German media attacks train drivers’ right to strike

By Dietmar Henning
13 October 2014

The train drivers’ strike from Tuesday night to Wednesday morning last week has triggered furious attacks from the media. Although the strike occurred at night and was limited to only a few hours, the media’s reaction went far beyond the degree normally reserved for such cases. Spiegel Online ran an article entitled “Germany’s Stupidest Union”. Spiegel columnist Yasmin El-Sharif accused Claus Weselsky, chairman of the GDL train drivers union, of acting exclusively in line with his own selfish desire for power.

The 37-year-old journalist, who previously worked in television for European Business News in London and Bloomberg in New York, wrote: “Weselsky’s ego trip (was) the best advertising stunt the employers’ associations could have wanted to promote their demand for a unified negotiated contract law.” He urged that it was high time “that GDL members wake up and avoid winning the title of the stupidest union in the world”.

The unified bargaining law, currently being prepared by the federal government in close cooperation with business associations and the German Federation of Trade Unions (DGB), stipulates that only the largest trade union in a company will be legally entitled to conduct negotiations with employers and call strikes. The DGB unions would thus have a monopoly on power, and smaller unions—such as GDL, Cockpit (pilots), UFO (air traffic controllers) and the Marburger Bund (doctors)—would lose the ability to defend their livelihoods. In practice, this amounts to the abolition of the right to strike. Spiegel Online criticises the train drivers for being themselves responsible for the abolition of the right to strike, when they were not prepared to voluntarily refrain from industrial action. According to El-Sharif, the train drivers and Lufthansa pilots should be aware that “each excessive demand” plays into the hands of proponents of the unified bargaining law. “If the drivers do not change course, they will inadvertently be justifying their own disempowerment,” he writes.

An online commentary from the Südwestrundfunk radio station finishes with almost the same words.

The Süddeutsche (SZ) newspaper attacks not only the strike, but also the demand for a five percent wage increase and two-hour reduction in the working week. Its Berlin parliament editor, Daniela Kuhr, claims these demands amount to an “overall increase of 15 percent”. “This is how over-self-confident a union can become,” she grumbles.

Above all, the SZ editor is outraged by the fact that the strike won the sympathy and support of broad sections of the population. That was “idiocy”, she writes, scolding the passengers for their foolishness. She thought they were showing “acceptance of a strike that they haven’t even begun to understand”.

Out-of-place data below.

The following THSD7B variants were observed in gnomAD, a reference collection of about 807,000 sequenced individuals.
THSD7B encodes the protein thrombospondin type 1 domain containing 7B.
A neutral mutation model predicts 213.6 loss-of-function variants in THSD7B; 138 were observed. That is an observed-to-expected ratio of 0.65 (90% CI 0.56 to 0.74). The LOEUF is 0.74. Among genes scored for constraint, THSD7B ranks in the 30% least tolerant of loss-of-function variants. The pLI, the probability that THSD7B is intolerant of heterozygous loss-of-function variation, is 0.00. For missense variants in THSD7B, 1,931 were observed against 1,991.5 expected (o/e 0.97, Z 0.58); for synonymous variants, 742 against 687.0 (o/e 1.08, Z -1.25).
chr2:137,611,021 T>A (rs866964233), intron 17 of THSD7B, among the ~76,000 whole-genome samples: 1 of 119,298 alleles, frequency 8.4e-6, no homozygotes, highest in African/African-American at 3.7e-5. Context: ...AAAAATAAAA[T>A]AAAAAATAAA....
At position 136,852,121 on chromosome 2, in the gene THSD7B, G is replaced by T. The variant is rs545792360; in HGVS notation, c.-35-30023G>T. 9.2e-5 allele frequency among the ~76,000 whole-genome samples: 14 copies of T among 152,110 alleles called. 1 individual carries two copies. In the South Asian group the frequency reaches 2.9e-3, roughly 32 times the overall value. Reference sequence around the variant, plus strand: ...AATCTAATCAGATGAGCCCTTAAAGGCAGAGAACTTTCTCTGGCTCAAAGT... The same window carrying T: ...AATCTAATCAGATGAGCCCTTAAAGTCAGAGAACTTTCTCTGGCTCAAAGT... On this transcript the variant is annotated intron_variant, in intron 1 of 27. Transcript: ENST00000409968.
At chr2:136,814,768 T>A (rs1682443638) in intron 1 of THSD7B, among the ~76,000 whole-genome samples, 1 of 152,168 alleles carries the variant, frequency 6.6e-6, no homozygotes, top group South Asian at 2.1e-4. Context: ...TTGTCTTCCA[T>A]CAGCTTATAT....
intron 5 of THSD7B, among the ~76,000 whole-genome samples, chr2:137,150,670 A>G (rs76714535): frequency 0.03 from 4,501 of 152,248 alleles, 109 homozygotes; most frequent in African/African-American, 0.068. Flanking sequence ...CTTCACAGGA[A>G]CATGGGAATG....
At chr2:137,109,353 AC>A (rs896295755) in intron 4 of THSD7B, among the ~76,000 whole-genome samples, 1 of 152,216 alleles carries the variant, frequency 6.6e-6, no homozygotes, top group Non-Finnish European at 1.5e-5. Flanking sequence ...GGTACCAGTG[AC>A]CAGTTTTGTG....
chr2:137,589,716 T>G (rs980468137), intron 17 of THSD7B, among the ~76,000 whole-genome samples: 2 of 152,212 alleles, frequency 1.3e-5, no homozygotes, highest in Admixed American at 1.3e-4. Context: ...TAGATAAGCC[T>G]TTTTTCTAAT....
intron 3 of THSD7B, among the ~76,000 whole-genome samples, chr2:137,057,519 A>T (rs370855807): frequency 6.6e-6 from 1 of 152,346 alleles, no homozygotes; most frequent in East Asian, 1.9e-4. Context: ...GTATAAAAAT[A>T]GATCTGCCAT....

On the day before the strike, SZ head of internal affairs Heribert Prantl, who otherwise usually insists on respect for constitutional rights, referred to the wage dispute as a “sudden cramp”. Prantl writes that he has no sympathy for this “unnecessary strike waged by union busybodies”. The GDL leadership was only interested in competing with the DGB union, the EVG (railway and transport union). According to Prantl, it was thereby damaging itself and discrediting the branch-based unions.

Jochen Bittner, columnist for the Die Zeit newspaper, demanded on Thursday morning—covertly but unmistakably—that in the future, the drivers be forced to continue working and no longer be allowed to strike. Train drivers, pilots and other workers who do socially important work—according to Bittner, “those responsible for maintaining the crucial infrastructure”—should all be official public servants. As public officials, every one of them would be adequately compensated, writes Bittner, adding, “And, most importantly, each would never again be permitted to go on strike.”

That is precisely the point. The right to strike is to be restricted and, de facto, abolished.

This attack on the right to strike is directly related to the return of German militarism. Since President Joachim Gauck and the federal government announced the end of military restraint at the beginning of the year, politicians and the media have been calling for a huge military upgrading, while Germany has been playing an increasingly active political and military role in the two most important international conflicts—in Ukraine and the Middle East.

Such aggressive great-power policies, adopted by the federal government in response to the mounting crisis of capitalism, are inimical to any social or political opposition within the country. The established parties and media have placed themselves firmly behind the government’s belligerent foreign policy. In lockstep, they churn out propaganda in a manner reminiscent of dictatorships. Democratic rights are eroded and the state’s surveillance and repression apparatus are systematically upgraded.

The attacks on the train drivers and the right to strike should be seen in this context. During the First World War one hundred years ago, the unions made a “truce” with the Reich government, ended all wage struggles and suppressed all strikes. Today, the DGB supports the federal government’s course towards war and is committed to limiting the right to strike.

Pushing for war and the abolition of the right to strike, newsroom hacks know that they have little to fear from the GDL (a branch of the conservative German Civil Service Federation) and its chairman Weselsky (a conservative Christian Democratic Union member). Their hatred extends from the train drivers to all other workers who fight for their rights and defend their wages and social gains. Their attacks must therefore be strongly resisted.

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